Feminists want to control your language; feminists want to tell you how to talk. – George Carlin
I used to proudly identify as a feminist. But that was back when I still believed that feminism was about women empowering themselves as a category of individuals, and women supporting women. In recent years, I have become somewhat disillusioned. In recent weeks, I’ve had my disillusionment validated in a variety of ways. The most recent, and perhaps final blow came when I read this post and subsequent comments at Feministe.
The discussion is about asking why victims of domestic violence stay – a question which many people seem to think of as victim-blaming/shaming. And to some people, intent, context and/or tone are completely irrelevant. If you say the words, you are blaming the victim and enabling abusers. End of story. Get your language right.
That’s not the worst of it: once you get the language wrong, there is no turning back. No explanation or apology is sufficient, and anyone who attempts to reach out to you in an attempt to create an atmosphere of safety and understanding is quickly bullied into silence with implicit threats of also being branded as an abuser-enabling victim-blamer. And who is willing to pay the eternal price for that?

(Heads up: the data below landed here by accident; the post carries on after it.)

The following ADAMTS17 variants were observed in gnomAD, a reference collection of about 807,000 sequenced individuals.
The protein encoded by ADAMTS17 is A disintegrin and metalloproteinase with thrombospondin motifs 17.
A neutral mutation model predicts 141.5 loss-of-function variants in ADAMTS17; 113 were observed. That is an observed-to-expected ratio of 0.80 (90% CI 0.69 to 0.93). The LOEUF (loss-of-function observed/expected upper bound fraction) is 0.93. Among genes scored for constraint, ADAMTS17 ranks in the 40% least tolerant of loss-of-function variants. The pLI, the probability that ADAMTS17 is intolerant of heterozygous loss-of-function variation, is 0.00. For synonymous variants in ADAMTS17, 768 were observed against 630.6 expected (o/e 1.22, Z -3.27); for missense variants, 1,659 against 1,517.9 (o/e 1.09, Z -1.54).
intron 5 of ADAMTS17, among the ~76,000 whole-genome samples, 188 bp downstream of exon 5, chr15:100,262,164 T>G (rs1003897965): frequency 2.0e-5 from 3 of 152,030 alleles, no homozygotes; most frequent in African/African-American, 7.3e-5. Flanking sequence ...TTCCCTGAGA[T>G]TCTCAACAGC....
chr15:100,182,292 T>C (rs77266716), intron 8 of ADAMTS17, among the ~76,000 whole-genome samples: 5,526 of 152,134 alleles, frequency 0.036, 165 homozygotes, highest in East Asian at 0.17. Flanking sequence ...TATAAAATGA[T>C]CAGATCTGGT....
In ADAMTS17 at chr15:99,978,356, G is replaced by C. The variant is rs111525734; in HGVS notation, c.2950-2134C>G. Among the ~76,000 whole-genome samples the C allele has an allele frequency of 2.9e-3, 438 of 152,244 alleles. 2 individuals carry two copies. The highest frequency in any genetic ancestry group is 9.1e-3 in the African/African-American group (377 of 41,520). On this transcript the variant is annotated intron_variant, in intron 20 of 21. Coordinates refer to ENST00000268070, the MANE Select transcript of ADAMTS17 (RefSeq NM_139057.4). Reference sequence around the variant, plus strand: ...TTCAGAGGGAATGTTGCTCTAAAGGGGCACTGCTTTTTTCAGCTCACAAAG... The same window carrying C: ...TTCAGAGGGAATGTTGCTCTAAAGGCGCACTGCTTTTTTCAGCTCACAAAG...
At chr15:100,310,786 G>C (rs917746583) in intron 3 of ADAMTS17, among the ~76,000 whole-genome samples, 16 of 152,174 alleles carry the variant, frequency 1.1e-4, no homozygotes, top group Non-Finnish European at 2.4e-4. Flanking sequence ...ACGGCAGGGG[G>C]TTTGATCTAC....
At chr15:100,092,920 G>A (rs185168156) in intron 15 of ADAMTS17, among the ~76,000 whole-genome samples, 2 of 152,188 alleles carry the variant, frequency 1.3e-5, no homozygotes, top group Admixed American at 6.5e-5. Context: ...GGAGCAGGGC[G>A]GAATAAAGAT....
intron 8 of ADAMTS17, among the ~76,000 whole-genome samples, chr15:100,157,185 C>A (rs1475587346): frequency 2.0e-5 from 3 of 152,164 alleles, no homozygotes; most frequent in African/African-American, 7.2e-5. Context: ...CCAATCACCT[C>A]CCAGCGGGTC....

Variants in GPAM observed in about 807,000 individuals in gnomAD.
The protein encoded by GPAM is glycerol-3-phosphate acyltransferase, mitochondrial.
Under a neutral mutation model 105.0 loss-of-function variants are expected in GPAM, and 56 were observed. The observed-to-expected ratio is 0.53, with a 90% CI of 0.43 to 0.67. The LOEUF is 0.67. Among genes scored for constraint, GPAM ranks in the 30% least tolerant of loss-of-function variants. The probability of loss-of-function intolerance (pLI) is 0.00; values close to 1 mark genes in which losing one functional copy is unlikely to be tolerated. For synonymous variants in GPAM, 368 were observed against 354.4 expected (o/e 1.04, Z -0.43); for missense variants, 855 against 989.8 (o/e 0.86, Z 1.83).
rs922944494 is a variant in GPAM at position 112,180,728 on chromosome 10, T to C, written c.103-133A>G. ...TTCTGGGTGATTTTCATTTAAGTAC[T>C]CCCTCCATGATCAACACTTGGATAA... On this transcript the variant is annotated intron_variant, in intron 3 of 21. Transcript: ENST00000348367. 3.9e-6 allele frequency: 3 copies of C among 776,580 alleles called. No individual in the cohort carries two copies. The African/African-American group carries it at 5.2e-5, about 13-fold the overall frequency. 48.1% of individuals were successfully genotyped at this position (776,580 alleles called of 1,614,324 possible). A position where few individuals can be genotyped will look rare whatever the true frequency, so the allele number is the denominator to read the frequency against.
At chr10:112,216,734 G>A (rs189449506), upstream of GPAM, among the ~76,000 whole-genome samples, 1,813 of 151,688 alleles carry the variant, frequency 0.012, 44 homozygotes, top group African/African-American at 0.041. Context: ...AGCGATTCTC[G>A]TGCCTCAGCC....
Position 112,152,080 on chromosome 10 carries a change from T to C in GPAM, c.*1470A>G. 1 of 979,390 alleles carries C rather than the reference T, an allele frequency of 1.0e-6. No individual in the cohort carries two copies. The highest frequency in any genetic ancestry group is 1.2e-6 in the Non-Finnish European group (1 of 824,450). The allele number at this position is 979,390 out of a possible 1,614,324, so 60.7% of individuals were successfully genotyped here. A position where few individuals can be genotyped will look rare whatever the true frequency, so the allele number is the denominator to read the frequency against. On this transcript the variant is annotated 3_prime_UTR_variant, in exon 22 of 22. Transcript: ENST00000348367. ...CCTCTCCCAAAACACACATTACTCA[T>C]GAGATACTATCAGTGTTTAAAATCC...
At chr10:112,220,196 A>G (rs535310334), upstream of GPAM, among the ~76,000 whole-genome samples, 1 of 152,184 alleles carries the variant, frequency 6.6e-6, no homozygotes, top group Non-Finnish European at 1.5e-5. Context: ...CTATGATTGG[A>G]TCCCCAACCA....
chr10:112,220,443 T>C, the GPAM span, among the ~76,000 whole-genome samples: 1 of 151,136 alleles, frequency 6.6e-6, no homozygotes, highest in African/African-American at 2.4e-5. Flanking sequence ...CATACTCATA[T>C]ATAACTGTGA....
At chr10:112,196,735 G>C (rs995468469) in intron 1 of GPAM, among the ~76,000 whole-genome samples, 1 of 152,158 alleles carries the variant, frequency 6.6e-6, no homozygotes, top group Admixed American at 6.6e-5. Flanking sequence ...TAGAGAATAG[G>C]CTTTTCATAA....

Well, I guess I am. As a survivor of domestic violence myself, I’m here to say, without apology, that asking why victims of domestic violence stay is not an inherently harmful question. Context, tone and intent are completely relevant, and that doesn’t change just because feminists say so.
A few people have suggested rephrasing the question. I say let those people rephrase it. There’s nothing wrong with that, if it’s what they need to do for themselves. But if they can rephrase my question in a way that they find more appropriate or acceptable, without actually changing the question, then apparently they understood my intent to begin with.
So why all the semantics? As you probably guessed, I have a few thoughts on that as well.